If I had a dollar for every time someone asked, “What do you think about the keto diet?” I would be a wealthy woman-or at least I would be able to comfortably pay for childcare (amiright?). I have been wanting to do a deep-dive blog post on the ketogenic diet for awhile now. When my amazing dietetic intern Katelan volunteered to write this, I was so excited! There is a LOT of confusion out there about keto. It’s certainly a trendy diet right now. You guys know me, I am NOT a fan of diets that aren’t sustainable, more importantly I believe there are some important things to consider when “going keto.” Check out what Katelan has to say about keto and if you want to talk more about it, hit me up!
Image from Kemin Industries
The Ketogenic Diet
Katelan Head, Dietetic Intern
In one setting or another, you have probably heard or read about the ketogenic diet. This particular diet seems to be gaining a lot of popularity yet continues to be one of the most controversial approaches to eating. Some studies have shown that going keto may be beneficial for weight loss and lowering blood sugars. The ketogenic diet has even been used since the 1920’s to treat patients with epilepsy by helping reduce the need for medication. But can eating extremely low carbohydrates and a high fat diet have any negative health risks? Let’s first start with the basics.
What is Keto?
The ketogenic diet essentially lacks sources of carbohydrates and is focused primarily on a high amount of fat and moderate protein. Typically when you eat a high carbohydrate meal, your body will produce glucose which can be converted and used as energy. When an individual is lacking carbohydrates through the diet, your body will start to produce ketone bodies to use as an alternate energy source putting the body in a state of ketosis. In should be noted that the only way to determine if you are in a true state of ketosis by testing your blood or urine and any small stray away from the diet will take you out of ketosis.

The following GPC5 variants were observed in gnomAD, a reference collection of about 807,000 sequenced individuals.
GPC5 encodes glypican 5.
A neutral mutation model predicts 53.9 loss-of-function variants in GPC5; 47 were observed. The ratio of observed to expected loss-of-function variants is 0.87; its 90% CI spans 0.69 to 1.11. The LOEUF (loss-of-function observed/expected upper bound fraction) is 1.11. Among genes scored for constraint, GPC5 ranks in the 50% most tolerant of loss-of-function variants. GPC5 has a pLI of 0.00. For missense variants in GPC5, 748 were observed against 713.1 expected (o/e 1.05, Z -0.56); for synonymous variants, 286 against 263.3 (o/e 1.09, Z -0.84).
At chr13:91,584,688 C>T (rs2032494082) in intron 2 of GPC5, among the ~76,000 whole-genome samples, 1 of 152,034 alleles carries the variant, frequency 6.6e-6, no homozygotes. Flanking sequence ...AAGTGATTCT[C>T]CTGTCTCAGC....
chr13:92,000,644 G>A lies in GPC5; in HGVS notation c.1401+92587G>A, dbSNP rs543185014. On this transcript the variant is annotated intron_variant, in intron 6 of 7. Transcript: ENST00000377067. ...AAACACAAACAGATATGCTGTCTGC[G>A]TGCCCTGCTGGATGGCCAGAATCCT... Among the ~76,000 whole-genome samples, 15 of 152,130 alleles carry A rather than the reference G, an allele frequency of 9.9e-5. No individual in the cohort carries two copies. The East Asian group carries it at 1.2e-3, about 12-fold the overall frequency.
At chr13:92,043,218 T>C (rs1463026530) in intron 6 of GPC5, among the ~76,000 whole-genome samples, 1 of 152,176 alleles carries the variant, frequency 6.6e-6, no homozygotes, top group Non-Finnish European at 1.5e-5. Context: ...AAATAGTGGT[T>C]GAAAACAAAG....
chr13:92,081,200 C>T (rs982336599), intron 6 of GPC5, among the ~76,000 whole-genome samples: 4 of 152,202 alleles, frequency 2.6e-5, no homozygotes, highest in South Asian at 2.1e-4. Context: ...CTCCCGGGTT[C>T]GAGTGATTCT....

In healthy individuals, a small amount of ketones are continuously being produced to use as a source of energy. The production of ketone bodies will increase during times of fasting or when carbohydrate stores are decreased causing the body to burn fat instead of carbs. The liver begins to process fat in order to provide energy to the brain in the form of ketone bodies. This entire process is known as ketogenesis is the end of goal of following a ketogenic diet.
What does a typical Ketogenic diet look like?
On a 2000 calorie diet, 165 grams would come from sources of fat, 40 grams from carbohydrates and 75 grams from protein sources. Most ketogenic diets focus on having less than 45 grams of total carbohydrates. To put this in perspective, the American Dietary Guidelines recommend that individuals get 45-65 percent of food from carbohydrates on the same 2000 calorie diet which is between 225-325 grams per day. It typically includes sources such as meat, fish, eggs, cheese and dairy, nuts and seeds, avocado oils and fibrous vegetables. This diet avoids and can be low in fruits and starchy vegetables, beans, and whole grains.
Image from Certified Angus Beef
What are proven benefits?
The ketogenic diet has been seen to promote weight loss in some individuals and has been shown to provide faster weight loss than more traditional low-fat diets. In short term efforts, some studies have found that the ketogenic diet improves blood sugar for individuals with Type 2 diabetes.